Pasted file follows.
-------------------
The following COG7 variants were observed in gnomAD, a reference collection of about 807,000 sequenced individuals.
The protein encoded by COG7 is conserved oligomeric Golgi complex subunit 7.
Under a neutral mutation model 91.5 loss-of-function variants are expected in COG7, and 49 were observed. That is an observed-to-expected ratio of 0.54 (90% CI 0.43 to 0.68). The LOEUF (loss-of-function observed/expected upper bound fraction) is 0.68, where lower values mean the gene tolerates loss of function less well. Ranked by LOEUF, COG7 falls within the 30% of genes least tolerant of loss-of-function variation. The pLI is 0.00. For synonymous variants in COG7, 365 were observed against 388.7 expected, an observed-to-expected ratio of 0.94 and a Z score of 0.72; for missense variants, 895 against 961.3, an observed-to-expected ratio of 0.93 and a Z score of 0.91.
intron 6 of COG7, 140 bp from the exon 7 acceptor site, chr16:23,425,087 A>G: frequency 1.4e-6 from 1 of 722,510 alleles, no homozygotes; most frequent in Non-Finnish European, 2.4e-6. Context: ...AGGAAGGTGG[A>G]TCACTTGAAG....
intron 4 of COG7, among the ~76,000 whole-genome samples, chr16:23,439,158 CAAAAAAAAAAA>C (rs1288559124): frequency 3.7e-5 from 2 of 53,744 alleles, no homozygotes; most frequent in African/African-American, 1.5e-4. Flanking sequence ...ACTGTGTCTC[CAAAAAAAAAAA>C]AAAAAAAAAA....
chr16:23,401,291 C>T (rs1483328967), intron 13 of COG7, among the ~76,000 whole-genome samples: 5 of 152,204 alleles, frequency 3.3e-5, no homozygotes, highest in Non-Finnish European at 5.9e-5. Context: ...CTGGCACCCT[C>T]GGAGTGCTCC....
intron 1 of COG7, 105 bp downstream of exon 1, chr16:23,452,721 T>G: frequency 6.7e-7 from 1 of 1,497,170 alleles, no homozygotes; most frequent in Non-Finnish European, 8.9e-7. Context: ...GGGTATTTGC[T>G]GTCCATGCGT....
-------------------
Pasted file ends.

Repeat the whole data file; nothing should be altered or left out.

The following COG7 variants were observed in gnomAD, a reference collection of about 807,000 sequenced individuals.
The protein encoded by COG7 is conserved oligomeric Golgi complex subunit 7.
Under a neutral mutation model 91.5 loss-of-function variants are expected in COG7, and 49 were observed. That is an observed-to-expected ratio of 0.54 (90% CI 0.43 to 0.68). The LOEUF (loss-of-function observed/expected upper bound fraction) is 0.68, where lower values mean the gene tolerates loss of function less well. Ranked by LOEUF, COG7 falls within the 30% of genes least tolerant of loss-of-function variation. The pLI is 0.00. For synonymous variants in COG7, 365 were observed against 388.7 expected, an observed-to-expected ratio of 0.94 and a Z score of 0.72; for missense variants, 895 against 961.3, an observed-to-expected ratio of 0.93 and a Z score of 0.91.
intron 6 of COG7, 140 bp from the exon 7 acceptor site, chr16:23,425,087 A>G: frequency 1.4e-6 from 1 of 722,510 alleles, no homozygotes; most frequent in Non-Finnish European, 2.4e-6. Context: ...AGGAAGGTGG[A>G]TCACTTGAAG....
intron 4 of COG7, among the ~76,000 whole-genome samples, chr16:23,439,158 CAAAAAAAAAAA>C (rs1288559124): frequency 3.7e-5 from 2 of 53,744 alleles, no homozygotes; most frequent in African/African-American, 1.5e-4. Flanking sequence ...ACTGTGTCTC[CAAAAAAAAAAA>C]AAAAAAAAAA....
chr16:23,401,291 C>T (rs1483328967), intron 13 of COG7, among the ~76,000 whole-genome samples: 5 of 152,204 alleles, frequency 3.3e-5, no homozygotes, highest in Non-Finnish European at 5.9e-5. Context: ...CTGGCACCCT[C>T]GGAGTGCTCC....
intron 1 of COG7, 105 bp downstream of exon 1, chr16:23,452,721 T>G: frequency 6.7e-7 from 1 of 1,497,170 alleles, no homozygotes; most frequent in Non-Finnish European, 8.9e-7. Context: ...GGGTATTTGC[T>G]GTCCATGCGT....